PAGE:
It must be pointed out that while the Dollar Index did fall from a high of almost 89 on 7th June to a low of 75 on 3rd November (a 16% drop), it has climbed back up to almost 80 now. A rising dollar is generally not good for commodities.

Petronet LNG is going up simply because RIL is not ramping up like it said it would, forcing companies to buy expensive gas at spot rates from Petronet LNG. Besides, gas prices are holding up higher. Nymex gas prices have risen from a low of $3.2 per unit late October to $4.5 per unit currently—a huge 40% rise in less than two months. (Of course, one has to factor in that it is winter in the US when heating requirements shoot up.)

In a recent report, Motilal Oswal (MOSL) says, “Although India’s domestic gas supply is expected to post 16% CAGR over FY10-14 the country is still expected to be gas deficient. Globally, LNG prices are expected to be soft, as the emergence of shale gas in the US has rendered large LNG investments underutilised. India’s gas deficit and LNG availability at reasonable prices will help Petronet to post volumes of 12% CAGR to 12.5mmtpa (million metric tonne per annum) (50mmscmd) by FY14.” MOSL also goes on to say that they expect Petronet LNG to continue increasing regasification charges by 5% every year (a heavily debated issue) to ensure a 16% RoE (return on equity), and in fact it expects the company to achieve an RoE of 25% by 2012. A large section of the market believes that the government will soon clamp down heavily on Petronet LNG’s regasification charges, forcing it to earn RoE more in line with other utility companies (around 14%). MOSL is also betting on Petronet’s new 5mmtpa (20mmscmd) Kochi terminal, which is likely to be commissioned by the end of FY12, leading to a 50% increase in its capacity to 15mmtpa.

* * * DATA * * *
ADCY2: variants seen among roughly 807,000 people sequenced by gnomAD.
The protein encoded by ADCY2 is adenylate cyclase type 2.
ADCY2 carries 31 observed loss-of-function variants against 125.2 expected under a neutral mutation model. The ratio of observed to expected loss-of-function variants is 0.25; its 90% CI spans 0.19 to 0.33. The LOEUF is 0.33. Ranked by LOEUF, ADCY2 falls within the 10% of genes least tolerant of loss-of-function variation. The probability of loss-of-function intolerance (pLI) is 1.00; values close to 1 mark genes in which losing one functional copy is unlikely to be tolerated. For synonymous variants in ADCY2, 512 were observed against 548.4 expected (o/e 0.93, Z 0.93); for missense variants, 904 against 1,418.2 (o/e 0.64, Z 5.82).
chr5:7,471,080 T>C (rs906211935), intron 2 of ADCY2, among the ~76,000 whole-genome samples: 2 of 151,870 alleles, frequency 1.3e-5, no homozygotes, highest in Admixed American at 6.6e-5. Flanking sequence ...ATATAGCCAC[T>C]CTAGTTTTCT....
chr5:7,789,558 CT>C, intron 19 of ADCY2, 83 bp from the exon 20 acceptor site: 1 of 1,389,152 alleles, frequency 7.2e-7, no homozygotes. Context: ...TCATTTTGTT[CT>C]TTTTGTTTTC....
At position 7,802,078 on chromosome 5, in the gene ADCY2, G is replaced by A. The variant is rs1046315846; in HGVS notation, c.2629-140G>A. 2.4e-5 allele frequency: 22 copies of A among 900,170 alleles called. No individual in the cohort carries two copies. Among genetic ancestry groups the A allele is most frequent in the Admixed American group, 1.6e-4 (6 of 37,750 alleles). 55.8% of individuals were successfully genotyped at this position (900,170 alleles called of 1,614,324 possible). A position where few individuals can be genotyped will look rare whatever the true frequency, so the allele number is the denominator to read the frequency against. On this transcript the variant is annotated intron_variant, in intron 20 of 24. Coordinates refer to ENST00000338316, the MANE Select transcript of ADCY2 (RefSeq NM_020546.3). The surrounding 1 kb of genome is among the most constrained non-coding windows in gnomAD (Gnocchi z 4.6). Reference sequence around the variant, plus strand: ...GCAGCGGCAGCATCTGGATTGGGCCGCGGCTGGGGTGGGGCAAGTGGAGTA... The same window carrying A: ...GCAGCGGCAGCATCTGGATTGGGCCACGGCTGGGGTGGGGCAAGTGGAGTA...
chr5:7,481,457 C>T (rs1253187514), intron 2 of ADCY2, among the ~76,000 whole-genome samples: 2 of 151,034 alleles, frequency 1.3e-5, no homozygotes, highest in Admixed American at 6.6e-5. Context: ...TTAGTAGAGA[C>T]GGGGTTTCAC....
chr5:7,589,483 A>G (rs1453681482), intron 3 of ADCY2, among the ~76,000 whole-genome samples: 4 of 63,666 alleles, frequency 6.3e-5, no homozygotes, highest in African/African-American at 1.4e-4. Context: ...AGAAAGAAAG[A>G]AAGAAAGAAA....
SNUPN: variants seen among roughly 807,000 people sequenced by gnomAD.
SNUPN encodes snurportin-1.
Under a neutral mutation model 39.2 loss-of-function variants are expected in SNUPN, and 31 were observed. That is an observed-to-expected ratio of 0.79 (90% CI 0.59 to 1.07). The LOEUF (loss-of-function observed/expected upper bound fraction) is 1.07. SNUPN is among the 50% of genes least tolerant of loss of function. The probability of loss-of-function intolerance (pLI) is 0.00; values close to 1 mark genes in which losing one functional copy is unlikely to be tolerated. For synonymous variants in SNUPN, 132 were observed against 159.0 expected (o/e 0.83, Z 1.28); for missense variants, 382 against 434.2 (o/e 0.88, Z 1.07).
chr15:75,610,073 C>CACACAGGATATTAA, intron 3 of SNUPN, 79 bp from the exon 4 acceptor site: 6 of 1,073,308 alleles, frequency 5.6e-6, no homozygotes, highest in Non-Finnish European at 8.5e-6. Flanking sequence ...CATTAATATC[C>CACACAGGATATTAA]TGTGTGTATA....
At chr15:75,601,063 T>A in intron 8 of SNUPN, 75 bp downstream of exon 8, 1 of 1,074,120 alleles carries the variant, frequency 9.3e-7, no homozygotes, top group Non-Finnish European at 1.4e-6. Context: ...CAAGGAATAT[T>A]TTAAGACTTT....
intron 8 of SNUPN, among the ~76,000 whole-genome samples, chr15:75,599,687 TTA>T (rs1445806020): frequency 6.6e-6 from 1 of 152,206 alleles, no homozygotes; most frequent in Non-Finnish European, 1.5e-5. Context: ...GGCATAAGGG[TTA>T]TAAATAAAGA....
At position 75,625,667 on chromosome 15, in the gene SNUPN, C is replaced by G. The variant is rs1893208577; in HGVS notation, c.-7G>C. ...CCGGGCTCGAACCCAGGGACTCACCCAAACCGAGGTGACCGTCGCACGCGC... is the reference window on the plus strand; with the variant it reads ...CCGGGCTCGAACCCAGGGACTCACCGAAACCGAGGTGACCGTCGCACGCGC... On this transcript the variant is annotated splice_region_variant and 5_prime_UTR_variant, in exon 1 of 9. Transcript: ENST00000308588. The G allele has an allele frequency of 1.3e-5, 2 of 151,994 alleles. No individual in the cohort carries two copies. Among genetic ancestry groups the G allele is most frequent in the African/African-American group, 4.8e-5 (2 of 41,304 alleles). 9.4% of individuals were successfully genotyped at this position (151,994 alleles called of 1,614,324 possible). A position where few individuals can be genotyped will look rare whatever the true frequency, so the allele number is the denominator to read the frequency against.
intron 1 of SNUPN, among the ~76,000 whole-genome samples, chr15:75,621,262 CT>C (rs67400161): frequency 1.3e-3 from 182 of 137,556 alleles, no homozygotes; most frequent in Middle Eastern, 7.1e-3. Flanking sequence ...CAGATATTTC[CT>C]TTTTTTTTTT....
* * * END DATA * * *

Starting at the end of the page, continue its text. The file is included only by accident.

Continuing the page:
ONGC is rising ahead of its forthcoming follow-up public offer (FPO). A couple of days ago, RS Sharma, chairman and managing director of ONGC said in a television interview that he is hopeful of launching the FPO by mid-February. It is also considering a stock split and bonus. (FIIs have long complained about the low levels of liquidity in ONGC vis-a-vis other frontline stocks.)

Investors and analysts also believe that rising crude prices are good for ONGC’s net realisation despite the increasing subsidy burden. This, despite Mr Sharma saying that the best crude levels for the company are between $70 and $80. At current crude levels, upstream companies are going to have to shell out about Rs220 billion of subsidies, more than 80% of which will be borne by ONGC. The market is hoping that the forthcoming hike in diesel prices will mean a lower subsidy burden for ONGC. The company is also expected to get compensation in lieu of royalty for Cairn India’s Rajasthan assets.

ONGC shares have gone up from a low of Rs1,192 on 26th November to Rs1,332 levels currently, a gain of 12%. Cairn India shares too have risen on hopes of better realisations with a rise in crude oil prices. The stock is up 19% to Rs338 from a recent low of Rs285.